government, and receives most of its funding from the government. Allowing a continued legally circumscribed government presence, rather than full privatization, seems necessary because statutory (as well as contractual) disputes are being resolved. For many commentators, the issue of reform comes down to a judgment on whether government or private labour arbitration best serves the needs of the constituents. The lack of finality of the arbitration process continues to cause difficulties: in the resolution of labour disputes, burdening complainants (costs and representation), and increasing the judicial caseload. The courts could lessen these impacts by deferring to the arbitration awards, absent a showing of illegality or other procedural irregularity, rather than continuing its current practice of de novo review that is inconsistent with its practice for commercial arbitration. According to current statistics, this would further increase the percentage of worker victories. (The new law establishes defferal for certain disputes such as wage disputes [Art. 47] and allows an employer to vacate an award for certain procedural deficiencies [Art. 49].) Litigation Remedial regulations must be put in place to address the continuing suffering caused by the long delays during the administrative claims procedures. The current definition of `labour dispute' within the labour arbitration procedures should be better reconciled with the administrative accident claims procedures, or visa versa. The court should reconsider the effects on workers of its current policy of de novo judicial review of labour arbitration awards and instead implement a deferral policy, reserving review for cases raising a legal irregularity. Since a high percentage of the appeals are brought by workers and workers win over half the arbitration cases, it can be argued that there is a need for reforms to address issues associated with the enforcement and the finality of arbitration awards, as further discussed below.
Possible reform agenda Enterprise mediation While mediation in China appears to be more dominated by the union (though perhaps more influenced by the employer), its utility in resolving labour disputes is being diminished by its perceived lack of fairness. Bypassing mediation in favour of directly using arbitration would seem counter-intuitive, given the high success rate of mediated settlements, unless that perception also perhaps includes the notion that the settlements reached are imposed and not fair.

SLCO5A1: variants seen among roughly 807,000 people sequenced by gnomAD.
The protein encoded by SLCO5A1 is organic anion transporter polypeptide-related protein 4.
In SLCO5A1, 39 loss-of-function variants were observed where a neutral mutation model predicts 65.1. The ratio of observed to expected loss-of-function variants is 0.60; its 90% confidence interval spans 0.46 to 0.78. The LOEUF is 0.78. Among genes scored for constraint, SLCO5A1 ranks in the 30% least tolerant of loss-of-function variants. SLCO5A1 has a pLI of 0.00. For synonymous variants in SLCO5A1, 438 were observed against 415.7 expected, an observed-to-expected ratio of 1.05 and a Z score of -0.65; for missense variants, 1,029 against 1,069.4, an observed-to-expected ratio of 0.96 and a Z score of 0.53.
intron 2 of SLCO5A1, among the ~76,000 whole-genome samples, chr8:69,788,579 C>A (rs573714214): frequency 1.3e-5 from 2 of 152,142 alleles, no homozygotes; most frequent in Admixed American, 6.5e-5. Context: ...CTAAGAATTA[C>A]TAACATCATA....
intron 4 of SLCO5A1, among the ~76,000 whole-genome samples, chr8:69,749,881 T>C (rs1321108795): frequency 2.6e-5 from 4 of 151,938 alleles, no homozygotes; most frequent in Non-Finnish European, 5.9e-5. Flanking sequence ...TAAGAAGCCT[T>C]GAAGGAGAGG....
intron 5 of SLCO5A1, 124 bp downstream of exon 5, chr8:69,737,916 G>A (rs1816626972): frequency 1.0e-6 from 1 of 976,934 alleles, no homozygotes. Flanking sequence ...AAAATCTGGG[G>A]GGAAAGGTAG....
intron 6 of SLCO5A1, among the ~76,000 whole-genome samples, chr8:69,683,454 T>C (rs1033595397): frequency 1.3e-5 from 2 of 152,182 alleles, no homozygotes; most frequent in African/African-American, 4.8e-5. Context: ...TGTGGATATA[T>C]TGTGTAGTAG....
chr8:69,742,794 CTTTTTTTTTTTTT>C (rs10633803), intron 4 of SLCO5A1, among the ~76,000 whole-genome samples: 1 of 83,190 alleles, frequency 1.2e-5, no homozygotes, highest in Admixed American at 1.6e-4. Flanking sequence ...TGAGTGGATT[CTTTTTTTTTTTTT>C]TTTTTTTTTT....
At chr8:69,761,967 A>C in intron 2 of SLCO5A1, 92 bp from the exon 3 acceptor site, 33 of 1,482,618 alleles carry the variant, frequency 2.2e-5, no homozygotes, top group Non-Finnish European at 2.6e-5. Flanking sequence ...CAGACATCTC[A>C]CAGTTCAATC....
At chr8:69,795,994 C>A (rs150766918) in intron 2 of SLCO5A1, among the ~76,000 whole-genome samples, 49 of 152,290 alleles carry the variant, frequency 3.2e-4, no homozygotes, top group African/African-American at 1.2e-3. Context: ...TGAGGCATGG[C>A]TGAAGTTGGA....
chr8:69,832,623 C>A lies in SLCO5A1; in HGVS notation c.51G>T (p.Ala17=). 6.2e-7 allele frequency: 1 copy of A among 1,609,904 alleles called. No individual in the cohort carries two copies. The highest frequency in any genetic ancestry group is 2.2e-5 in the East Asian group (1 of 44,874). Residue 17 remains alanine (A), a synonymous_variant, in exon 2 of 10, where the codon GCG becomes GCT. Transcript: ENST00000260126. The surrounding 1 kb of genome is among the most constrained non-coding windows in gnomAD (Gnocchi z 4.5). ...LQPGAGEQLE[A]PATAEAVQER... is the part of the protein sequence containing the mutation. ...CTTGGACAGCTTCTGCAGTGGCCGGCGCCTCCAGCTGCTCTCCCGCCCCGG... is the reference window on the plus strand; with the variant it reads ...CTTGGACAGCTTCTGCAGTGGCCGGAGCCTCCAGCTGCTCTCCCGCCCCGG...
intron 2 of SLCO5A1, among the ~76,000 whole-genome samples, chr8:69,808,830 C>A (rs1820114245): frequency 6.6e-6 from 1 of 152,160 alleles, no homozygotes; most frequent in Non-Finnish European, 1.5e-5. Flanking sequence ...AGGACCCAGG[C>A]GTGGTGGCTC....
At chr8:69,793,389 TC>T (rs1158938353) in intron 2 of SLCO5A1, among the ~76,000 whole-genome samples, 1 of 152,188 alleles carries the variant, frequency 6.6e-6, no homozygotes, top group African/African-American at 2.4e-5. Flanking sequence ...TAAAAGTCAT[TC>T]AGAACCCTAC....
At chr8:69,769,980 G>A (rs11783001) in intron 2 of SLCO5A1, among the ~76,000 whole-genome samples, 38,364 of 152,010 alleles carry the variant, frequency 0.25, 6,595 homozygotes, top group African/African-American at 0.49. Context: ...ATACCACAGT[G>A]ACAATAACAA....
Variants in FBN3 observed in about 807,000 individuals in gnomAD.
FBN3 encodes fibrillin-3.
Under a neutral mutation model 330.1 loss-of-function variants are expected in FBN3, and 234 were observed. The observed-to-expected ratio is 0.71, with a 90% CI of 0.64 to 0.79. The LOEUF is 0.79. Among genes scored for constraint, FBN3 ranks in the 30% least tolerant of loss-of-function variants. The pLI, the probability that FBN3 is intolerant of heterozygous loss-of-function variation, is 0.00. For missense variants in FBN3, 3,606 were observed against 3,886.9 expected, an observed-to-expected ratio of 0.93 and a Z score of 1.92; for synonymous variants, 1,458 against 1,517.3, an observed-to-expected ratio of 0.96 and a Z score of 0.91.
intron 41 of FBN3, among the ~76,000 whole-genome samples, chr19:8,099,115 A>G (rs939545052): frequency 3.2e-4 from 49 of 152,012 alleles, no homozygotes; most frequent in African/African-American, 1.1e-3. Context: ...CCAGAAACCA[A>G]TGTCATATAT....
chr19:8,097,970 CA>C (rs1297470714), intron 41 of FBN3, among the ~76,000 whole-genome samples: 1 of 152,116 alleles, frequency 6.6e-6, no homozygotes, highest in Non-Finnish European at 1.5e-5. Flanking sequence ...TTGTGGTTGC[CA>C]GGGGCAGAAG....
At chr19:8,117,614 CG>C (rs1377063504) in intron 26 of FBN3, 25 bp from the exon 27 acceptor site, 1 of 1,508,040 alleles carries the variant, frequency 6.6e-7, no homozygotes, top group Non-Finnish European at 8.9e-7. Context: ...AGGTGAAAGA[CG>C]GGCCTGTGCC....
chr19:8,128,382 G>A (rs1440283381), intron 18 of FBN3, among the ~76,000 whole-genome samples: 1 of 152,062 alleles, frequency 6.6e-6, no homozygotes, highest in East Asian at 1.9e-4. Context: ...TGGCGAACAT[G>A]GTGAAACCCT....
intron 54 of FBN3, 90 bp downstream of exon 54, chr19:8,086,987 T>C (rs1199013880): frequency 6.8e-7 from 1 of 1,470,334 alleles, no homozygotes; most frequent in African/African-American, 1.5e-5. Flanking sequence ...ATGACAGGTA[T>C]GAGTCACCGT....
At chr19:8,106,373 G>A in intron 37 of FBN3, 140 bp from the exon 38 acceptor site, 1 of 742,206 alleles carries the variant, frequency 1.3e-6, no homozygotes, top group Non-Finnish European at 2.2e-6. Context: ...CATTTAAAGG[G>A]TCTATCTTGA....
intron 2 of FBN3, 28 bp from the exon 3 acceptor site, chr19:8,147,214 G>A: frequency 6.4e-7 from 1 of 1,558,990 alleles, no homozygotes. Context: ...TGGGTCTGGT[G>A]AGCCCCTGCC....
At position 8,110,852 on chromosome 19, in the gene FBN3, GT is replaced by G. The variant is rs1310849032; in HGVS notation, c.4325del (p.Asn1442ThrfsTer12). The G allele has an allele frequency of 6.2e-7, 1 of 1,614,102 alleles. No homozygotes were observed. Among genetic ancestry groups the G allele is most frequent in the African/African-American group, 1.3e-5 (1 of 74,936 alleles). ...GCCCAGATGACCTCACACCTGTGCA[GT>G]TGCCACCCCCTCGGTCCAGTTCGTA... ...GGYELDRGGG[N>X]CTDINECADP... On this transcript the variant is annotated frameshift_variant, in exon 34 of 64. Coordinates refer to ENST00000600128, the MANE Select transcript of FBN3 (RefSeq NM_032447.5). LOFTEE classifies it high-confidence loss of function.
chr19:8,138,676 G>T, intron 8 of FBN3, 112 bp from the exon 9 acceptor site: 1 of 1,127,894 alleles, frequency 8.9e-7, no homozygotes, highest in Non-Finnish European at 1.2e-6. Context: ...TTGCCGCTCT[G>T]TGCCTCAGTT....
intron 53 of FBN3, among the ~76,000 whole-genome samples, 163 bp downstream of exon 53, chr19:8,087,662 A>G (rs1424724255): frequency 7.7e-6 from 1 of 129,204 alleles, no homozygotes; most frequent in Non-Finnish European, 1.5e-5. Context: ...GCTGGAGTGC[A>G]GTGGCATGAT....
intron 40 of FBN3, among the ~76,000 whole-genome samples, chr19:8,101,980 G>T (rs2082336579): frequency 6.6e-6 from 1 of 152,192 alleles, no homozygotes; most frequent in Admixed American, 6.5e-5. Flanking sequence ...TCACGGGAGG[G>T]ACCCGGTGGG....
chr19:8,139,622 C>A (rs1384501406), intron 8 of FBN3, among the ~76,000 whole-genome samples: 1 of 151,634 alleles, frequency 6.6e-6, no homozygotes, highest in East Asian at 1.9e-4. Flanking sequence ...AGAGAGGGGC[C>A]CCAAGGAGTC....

On the timeliness issue of the sixty-day statute of limitations, it is unclear how many workers are dissuaded from filing because of the expected time delays, in that many of the `typical' arbitrations take one year from filing to court enforcement. In this case, with vulnerable workers, `justice delayed' may indeed be `justice denied'. Perhaps the enterprise mediation process should be reformed, as discussed below, to attract wider use within its shorter sixtyday limit. (The new law extends the limitation to one year [Art. 27].)
If enterprise mediation is to be retained, its reform could include realigning the union as a real advocate for the worker (perhaps borrowing from America the legal duty of `fair representation') and providing workers with more access to the union's increasing legal aid talent. Making training available to those involved as representatives in the mediation process could bolster the efficiency and fairness of the process. Attention should also be given to those regions experimenting with regional mediation organizations that bring well-trained mediators to the enterprise mediation process, to see if increased skills are matched by increased mediation settlements. Arbitration While the number of mediated settlements conducted under the arbitration procedures of the arbitration tribunal has declined in recent years (as has the enterprise mediation), it is still a substantial number. This number could possibly be increased by more skillful use of mediation by arbitrators. Better training in these skills during the Professional Preparation and licensing of arbitrators could enhance the efficiency of the process and perhaps provide more `win­win' settlements. On this point, while the level of professionalism for arbitrators has increased, most have not received legal education. Whether they should or not may be open to debate, but in China, where arbitrators resolve both contract and statutory claims, some understanding of the law is important, as there are those cases in which there is a clear violation of the law where no compromised settlement should be permitted. (The new law requires substantial legal knowledge of mediators [Art. 11] and arbitrators [Art. 20].)